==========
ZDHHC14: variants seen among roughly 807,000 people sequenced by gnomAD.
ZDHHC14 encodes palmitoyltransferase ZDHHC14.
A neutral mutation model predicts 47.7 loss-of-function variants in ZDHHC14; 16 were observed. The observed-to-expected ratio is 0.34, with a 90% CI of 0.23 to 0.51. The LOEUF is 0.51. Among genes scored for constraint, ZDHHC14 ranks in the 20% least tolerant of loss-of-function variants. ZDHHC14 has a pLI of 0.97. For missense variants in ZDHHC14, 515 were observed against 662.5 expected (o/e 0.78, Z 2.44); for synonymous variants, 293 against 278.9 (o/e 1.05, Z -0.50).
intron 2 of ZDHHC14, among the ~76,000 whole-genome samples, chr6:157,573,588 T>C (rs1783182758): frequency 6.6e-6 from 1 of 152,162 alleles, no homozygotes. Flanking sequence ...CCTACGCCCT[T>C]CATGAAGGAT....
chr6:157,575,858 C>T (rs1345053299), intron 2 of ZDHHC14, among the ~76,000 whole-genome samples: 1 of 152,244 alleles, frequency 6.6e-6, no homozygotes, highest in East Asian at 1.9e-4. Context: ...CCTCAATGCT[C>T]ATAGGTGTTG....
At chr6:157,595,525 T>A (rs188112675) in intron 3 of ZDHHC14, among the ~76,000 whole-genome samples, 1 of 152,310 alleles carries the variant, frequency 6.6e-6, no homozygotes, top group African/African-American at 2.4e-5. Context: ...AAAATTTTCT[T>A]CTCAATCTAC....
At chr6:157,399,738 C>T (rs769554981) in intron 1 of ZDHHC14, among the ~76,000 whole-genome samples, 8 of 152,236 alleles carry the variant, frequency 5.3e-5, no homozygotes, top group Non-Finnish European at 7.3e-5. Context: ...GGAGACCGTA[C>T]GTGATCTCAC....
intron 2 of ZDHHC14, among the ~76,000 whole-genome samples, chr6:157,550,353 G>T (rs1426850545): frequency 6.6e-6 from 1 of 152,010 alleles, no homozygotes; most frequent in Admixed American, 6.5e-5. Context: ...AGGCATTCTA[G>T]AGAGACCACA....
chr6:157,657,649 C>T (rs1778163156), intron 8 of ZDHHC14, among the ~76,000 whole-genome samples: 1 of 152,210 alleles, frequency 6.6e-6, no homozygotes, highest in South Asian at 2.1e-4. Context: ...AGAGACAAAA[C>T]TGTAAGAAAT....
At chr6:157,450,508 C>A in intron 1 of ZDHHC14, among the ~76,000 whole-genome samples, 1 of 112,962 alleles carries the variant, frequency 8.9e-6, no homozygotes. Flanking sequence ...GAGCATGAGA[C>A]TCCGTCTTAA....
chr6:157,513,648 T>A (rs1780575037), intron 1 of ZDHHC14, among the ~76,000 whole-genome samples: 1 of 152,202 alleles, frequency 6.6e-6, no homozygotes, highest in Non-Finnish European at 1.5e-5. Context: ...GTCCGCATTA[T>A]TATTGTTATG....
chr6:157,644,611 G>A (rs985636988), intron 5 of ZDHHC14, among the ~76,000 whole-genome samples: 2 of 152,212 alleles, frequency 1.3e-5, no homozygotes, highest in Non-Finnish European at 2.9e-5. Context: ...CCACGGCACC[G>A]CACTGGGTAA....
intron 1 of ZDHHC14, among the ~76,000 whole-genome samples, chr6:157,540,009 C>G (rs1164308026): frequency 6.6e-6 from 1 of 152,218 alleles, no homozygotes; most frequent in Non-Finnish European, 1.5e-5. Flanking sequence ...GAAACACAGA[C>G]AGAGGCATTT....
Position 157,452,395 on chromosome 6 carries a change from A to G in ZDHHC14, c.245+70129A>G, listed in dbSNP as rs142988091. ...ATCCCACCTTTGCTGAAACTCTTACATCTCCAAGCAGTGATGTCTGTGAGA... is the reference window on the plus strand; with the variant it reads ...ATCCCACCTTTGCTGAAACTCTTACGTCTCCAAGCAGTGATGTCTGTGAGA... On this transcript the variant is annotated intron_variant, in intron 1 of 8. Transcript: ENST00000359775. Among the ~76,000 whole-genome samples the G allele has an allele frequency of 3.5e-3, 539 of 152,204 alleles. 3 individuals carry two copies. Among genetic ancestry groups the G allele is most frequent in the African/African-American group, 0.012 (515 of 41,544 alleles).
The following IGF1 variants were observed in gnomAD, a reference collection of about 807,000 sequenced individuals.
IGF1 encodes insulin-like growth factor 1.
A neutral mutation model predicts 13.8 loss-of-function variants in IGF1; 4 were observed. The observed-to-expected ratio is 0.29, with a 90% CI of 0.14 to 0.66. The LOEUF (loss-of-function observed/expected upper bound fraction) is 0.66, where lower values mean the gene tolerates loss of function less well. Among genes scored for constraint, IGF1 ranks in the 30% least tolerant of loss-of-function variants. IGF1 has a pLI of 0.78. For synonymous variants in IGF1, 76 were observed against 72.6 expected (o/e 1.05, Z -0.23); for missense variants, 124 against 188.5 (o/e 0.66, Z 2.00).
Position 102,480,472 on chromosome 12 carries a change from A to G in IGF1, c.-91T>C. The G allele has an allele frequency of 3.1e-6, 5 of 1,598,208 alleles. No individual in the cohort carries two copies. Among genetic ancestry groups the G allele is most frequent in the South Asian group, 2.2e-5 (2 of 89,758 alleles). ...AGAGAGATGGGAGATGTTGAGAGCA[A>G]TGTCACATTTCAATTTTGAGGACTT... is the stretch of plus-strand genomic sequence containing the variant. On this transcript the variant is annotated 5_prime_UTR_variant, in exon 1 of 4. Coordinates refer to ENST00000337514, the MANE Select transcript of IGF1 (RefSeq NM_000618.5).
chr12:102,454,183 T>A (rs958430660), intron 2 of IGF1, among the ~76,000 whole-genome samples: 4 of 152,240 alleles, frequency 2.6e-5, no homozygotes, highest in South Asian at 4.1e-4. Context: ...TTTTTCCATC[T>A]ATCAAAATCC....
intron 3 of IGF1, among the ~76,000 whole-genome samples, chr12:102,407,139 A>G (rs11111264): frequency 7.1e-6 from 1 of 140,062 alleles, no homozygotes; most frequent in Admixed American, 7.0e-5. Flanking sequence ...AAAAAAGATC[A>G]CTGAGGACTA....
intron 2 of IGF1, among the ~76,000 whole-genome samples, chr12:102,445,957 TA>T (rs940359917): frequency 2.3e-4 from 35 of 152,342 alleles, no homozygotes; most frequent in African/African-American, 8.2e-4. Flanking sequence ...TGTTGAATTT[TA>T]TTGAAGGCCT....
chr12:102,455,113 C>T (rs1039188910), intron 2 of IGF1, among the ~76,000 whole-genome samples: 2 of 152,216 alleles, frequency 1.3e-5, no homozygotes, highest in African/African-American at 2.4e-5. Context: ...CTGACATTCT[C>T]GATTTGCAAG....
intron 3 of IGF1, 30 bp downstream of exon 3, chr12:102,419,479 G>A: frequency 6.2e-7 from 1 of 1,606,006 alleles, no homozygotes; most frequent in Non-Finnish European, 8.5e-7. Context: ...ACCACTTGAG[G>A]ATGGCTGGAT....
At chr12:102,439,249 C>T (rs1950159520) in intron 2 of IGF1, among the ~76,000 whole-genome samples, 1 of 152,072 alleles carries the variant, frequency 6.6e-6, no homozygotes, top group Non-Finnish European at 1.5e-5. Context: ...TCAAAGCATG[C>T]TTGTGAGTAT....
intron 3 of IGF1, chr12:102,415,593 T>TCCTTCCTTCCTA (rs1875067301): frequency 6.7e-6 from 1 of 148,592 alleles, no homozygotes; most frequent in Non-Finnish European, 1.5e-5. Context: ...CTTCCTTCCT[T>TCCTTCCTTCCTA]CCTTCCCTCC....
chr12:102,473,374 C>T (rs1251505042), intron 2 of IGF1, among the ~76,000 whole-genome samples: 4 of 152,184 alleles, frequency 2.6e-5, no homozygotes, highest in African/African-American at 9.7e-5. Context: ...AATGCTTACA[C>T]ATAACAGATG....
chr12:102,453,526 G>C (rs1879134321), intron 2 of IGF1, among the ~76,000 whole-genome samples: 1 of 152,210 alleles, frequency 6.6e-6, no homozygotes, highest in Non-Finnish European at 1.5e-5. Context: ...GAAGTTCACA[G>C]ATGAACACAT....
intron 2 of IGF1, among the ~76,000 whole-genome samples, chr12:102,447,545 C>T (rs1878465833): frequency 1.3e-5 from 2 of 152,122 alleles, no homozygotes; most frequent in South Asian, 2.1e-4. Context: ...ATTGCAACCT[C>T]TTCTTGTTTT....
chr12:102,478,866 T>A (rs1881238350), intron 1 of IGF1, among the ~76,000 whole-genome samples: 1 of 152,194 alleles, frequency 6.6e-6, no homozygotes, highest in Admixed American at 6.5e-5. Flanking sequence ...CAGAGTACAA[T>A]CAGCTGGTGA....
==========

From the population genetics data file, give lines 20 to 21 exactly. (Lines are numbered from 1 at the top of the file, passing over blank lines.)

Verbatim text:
intron 3 of IGF1, among the ~76,000 whole-genome samples, chr12:102,407,139 A>G (rs11111264): frequency 7.1e-6 from 1 of 140,062 alleles, no homozygotes; most frequent in Admixed American, 7.0e-5. Flanking sequence ...AAAAAAGATC[A>G]CTGAGGACTA....
intron 2 of IGF1, among the ~76,000 whole-genome samples, chr12:102,445,957 TA>T (rs940359917): frequency 2.3e-4 from 35 of 152,342 alleles, no homozygotes; most frequent in African/African-American, 8.2e-4. Flanking sequence ...TGTTGAATTT[TA>T]TTGAAGGCCT....